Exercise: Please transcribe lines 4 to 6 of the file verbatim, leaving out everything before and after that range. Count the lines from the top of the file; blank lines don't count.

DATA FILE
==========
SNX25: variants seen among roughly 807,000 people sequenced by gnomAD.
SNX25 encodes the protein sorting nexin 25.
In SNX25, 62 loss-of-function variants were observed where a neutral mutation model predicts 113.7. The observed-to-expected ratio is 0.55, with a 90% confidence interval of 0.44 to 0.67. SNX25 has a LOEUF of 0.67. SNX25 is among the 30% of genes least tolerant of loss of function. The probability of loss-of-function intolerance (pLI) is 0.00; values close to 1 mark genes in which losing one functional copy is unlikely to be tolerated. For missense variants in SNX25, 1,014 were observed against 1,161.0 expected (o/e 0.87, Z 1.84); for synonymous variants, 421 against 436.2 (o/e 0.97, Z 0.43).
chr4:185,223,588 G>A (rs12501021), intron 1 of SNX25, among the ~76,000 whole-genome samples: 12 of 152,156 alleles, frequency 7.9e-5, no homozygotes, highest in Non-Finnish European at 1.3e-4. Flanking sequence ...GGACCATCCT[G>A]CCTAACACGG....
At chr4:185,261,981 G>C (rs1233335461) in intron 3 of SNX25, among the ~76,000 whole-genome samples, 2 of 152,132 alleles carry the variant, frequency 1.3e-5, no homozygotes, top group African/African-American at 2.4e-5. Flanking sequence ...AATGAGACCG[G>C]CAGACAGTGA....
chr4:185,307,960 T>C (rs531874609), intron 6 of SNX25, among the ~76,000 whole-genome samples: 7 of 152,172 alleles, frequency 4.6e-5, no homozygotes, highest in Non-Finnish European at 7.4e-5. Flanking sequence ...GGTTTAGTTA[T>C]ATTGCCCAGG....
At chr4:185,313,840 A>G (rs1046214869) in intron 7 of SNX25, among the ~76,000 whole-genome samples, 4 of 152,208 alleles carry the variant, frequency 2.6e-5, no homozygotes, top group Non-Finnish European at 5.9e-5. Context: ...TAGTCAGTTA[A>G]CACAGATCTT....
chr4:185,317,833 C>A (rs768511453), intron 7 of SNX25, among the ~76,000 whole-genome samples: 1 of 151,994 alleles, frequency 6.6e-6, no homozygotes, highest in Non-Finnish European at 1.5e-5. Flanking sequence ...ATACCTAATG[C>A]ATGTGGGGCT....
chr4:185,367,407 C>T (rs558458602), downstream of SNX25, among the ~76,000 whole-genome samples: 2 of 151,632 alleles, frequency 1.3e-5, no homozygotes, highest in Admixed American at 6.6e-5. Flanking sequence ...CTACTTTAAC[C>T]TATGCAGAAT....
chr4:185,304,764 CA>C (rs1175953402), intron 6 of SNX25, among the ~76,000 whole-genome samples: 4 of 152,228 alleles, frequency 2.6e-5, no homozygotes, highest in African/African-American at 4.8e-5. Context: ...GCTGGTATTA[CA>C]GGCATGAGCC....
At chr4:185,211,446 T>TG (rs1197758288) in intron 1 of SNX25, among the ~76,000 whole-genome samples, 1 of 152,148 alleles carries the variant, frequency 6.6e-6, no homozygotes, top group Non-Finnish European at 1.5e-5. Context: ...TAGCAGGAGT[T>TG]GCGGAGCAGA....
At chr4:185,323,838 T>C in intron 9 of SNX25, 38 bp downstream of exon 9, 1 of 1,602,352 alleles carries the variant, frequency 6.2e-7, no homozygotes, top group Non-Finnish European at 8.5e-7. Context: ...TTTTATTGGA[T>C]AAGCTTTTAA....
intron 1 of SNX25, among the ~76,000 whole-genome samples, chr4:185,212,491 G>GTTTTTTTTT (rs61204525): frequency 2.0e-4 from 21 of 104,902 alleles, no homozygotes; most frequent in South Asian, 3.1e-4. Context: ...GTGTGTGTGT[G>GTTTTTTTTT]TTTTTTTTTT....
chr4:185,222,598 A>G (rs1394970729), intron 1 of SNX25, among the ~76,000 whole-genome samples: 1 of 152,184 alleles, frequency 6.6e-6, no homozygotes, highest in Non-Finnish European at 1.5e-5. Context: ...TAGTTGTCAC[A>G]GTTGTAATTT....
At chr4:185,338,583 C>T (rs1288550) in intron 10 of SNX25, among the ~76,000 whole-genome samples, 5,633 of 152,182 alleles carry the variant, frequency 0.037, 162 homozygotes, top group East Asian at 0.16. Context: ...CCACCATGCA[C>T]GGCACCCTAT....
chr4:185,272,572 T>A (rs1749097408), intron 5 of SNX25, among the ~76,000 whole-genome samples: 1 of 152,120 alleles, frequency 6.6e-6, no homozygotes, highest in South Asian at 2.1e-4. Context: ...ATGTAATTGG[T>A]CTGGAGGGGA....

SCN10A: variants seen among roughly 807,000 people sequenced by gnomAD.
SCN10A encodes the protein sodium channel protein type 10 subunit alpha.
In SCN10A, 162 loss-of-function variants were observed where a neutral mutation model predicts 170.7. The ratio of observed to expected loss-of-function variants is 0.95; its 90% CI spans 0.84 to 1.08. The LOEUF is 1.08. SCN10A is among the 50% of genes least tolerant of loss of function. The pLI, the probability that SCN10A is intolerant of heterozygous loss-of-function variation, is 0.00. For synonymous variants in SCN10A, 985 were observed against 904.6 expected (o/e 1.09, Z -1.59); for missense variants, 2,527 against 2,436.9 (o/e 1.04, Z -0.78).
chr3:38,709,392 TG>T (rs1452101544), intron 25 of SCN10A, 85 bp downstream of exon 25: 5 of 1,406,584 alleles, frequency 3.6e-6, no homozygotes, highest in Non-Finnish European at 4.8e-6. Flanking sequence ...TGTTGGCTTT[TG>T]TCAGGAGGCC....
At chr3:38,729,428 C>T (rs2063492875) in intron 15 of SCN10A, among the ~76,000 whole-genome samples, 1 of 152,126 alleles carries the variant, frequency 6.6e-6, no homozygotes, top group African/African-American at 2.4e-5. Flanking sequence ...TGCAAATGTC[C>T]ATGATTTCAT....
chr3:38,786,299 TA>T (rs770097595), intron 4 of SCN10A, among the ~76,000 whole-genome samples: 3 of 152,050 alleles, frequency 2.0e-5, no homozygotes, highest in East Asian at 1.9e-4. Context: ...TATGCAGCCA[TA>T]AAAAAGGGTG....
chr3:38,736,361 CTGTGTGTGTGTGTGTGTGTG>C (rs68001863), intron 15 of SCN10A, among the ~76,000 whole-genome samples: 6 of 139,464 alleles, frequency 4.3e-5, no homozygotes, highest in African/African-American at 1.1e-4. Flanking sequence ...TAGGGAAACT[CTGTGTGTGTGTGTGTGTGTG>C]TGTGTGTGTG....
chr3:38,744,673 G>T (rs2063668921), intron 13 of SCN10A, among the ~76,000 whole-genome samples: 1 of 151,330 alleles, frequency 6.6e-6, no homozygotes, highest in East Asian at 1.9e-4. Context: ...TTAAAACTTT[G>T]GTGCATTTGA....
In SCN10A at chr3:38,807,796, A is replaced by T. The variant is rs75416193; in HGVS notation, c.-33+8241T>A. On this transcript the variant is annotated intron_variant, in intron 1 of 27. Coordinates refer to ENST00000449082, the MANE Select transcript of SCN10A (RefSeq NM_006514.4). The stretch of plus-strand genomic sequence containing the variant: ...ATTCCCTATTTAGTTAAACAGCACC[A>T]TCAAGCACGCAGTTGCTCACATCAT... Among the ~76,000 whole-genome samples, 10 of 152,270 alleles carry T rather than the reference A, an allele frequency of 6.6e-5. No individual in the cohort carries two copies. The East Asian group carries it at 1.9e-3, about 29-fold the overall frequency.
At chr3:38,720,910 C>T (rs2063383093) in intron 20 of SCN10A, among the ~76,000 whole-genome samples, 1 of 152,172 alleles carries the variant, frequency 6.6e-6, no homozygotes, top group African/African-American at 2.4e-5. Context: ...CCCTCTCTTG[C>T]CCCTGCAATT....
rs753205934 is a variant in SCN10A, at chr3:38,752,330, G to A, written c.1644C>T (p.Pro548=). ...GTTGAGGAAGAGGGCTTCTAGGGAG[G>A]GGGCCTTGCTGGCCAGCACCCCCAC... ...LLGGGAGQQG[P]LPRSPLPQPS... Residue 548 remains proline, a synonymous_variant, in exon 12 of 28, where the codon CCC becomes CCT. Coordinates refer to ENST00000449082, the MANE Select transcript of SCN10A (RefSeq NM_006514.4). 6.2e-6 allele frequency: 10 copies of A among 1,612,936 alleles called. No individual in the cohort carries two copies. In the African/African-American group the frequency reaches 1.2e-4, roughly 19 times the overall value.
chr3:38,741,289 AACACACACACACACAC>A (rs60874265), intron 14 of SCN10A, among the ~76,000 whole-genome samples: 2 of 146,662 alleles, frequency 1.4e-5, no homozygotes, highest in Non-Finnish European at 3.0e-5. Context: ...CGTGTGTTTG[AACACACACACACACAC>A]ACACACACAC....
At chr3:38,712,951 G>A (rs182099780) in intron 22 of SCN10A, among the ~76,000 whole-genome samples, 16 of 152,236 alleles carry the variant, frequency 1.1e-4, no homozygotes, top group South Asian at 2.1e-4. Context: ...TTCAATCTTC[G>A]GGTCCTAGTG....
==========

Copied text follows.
chr4:185,223,588 G>A (rs12501021), intron 1 of SNX25, among the ~76,000 whole-genome samples: 12 of 152,156 alleles, frequency 7.9e-5, no homozygotes, highest in Non-Finnish European at 1.3e-4. Flanking sequence ...GGACCATCCT[G>A]CCTAACACGG....
At chr4:185,261,981 G>C (rs1233335461) in intron 3 of SNX25, among the ~76,000 whole-genome samples, 2 of 152,132 alleles carry the variant, frequency 1.3e-5, no homozygotes, top group African/African-American at 2.4e-5. Flanking sequence ...AATGAGACCG[G>C]CAGACAGTGA....
chr4:185,307,960 T>C (rs531874609), intron 6 of SNX25, among the ~76,000 whole-genome samples: 7 of 152,172 alleles, frequency 4.6e-5, no homozygotes, highest in Non-Finnish European at 7.4e-5. Flanking sequence ...GGTTTAGTTA[T>C]ATTGCCCAGG....